• I Don’t Know How to Love Him by Helen Reddy – From Jesus Christ Superstar (1970)
  • Hair by The Cowsills – From Hair (1967)
  • Put On A Happy Face by Diana Ross & The Supremes – From Bye Bye Birdie (1960)
  • Losing My Mind by Liza Minnelli – From Follies (1971)
  • Tomorrow by Grace Jones – From Annie (1977)
  • My Favorite Things by John Coltrane – From The Sound of Music (1959)
  • Well Did You Evah? by Debbie Harry & Iggy Pop – From DuBarry Was a Lady (1939)
  • The Man I Love by Kate Bush – From Lady, Be Good! (1924)
  • If My Friends Could See Me Now by Linda Clifford – From Sweet Charity (1966)
  • Summertime by Big Brother & The Holding Company – From Porgy and Bess (1935)
  • Cabaret by Harold Melvin & The Blue Notes – From Cabaret (1966)
  • I Get A Kick Out Of You by Frank Sinatra – From Anything Goes (1934)
  • Don’t Cry For Me Argentina by Festival – From Evita (1978)
  • Somewhere by Pet Shop Boys – From West Side Story (1957)
  • The Lady is a Tramp by Tony Bennett & Lady Gaga – From Babes in Arms (1937)
  • I’ll Never Fall In Love Again by Dionne Warwick – From Promises, Promises (1968)
  • I Love Paris by Screamin’ Jay Hawkins – From Can-Can (1953)
  • Night + Day by U2 – From Gay Divorce (1932)
  • There Are Worse Things I Could Do by Alison Moyet – From Grease (1971)
  • Corner of the Sky by The Jackson 5 – From Pippin (1972)
  • I Enjoy Being a Girl by Phranc – From Flower Drum Song (1958)

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Your (Almost) Daily Playlist: 12-17-23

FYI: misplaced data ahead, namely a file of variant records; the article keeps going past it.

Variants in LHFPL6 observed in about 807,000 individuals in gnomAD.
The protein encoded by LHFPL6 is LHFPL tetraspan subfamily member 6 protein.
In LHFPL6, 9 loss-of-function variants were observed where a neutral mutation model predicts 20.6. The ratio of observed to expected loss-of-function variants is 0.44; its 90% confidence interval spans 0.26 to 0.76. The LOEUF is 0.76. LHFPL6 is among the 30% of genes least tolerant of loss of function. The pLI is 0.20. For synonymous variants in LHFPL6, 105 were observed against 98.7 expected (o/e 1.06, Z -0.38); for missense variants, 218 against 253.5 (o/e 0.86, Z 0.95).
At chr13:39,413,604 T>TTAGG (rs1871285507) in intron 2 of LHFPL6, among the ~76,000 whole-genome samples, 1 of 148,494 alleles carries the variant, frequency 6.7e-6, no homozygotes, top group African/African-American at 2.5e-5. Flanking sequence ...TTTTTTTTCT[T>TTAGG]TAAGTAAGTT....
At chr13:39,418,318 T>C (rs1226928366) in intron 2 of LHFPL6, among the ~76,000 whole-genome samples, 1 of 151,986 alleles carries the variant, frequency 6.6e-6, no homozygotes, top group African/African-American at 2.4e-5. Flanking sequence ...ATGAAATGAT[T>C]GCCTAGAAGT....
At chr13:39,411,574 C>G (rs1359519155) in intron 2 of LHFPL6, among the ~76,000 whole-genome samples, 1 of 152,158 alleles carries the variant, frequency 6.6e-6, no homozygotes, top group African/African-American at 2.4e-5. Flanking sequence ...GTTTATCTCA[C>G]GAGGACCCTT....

Norman Whitfield and Barrett Strong collaborated to write several hits for The Temptations, among them “Papa Was A Rollin’ Stone,” “I Can’t Get Next To You,” “Psychedelic Shack,” “Ball Of Confusion,” and “Just My Imagination (Running Away With Me).” The latter was inspired by Strong’s crush on a woman who didn’t know he existed. It became The Temptations’ third number one single on the Hot 100. 

Lead vocalist on “Just My Imagination,” the late Eddie Kendricks of the Temptations was born on this date in 1939.

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Your (Almost) Daily Playlist: 12-12-23

Is technology ruining music? I’ll answer that with another question: If we had GPS in the 1960s, would we have gotten “Do You Know The Way To San José?” If you request Alexa to play “Do You Know The Way To San José” by merely stating its title, would Alexa play it or ramble on about making a left here and bearing right there, which would make for a real crap song? When presented with “Do You Know The Way To San José” by its writers, Burt Bacharach and Hal David, Dionne Warwick was not taken by it. “What is this whoa whoa whoa whoa whoa whoa whoa whoa whoa crap?” she asked. I’m paraphrasing. She eventually came around, for decades later she said that winning the Grammy Award for Best Female Pop Vocal Performance for her recording of that song was the highlight of her career. 

Dionne Warwick was born on this date in 1940. Lots of songs performed by her are included on today’s playlist.

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Your (Almost) Daily Playlist: 10-1-23

In 1993, humor columnist Dave Barry surveyed his readers to find the worst song. The clear winner for Worst Overall Song and Worst Lyrics was “Mac Arthur Park.” Culture critic Joe Queenan disagreed with the results “because ‘Ebony and Ivory’ exists, as do ‘You Don’t Bring Me Flowers,’ ‘Baby, I’m-a Want You,’ ‘Feelings,’ ‘Benny and the Jets,’ ‘Witchy Woman’ and ‘Sussudio,’” adding “On a planet where somebody thought it would be a good idea to write ‘Scenes from an Italian Restaurant,’ the best ‘MacArthur Park’ is ever going to earn in the sucky-song sweepstakes is a tie.”

The late Richard Harris was born on this date in 1930. Celebrate his birthday with a piece of soggy cake and by listening to today’s playlist, which includes the song many hate.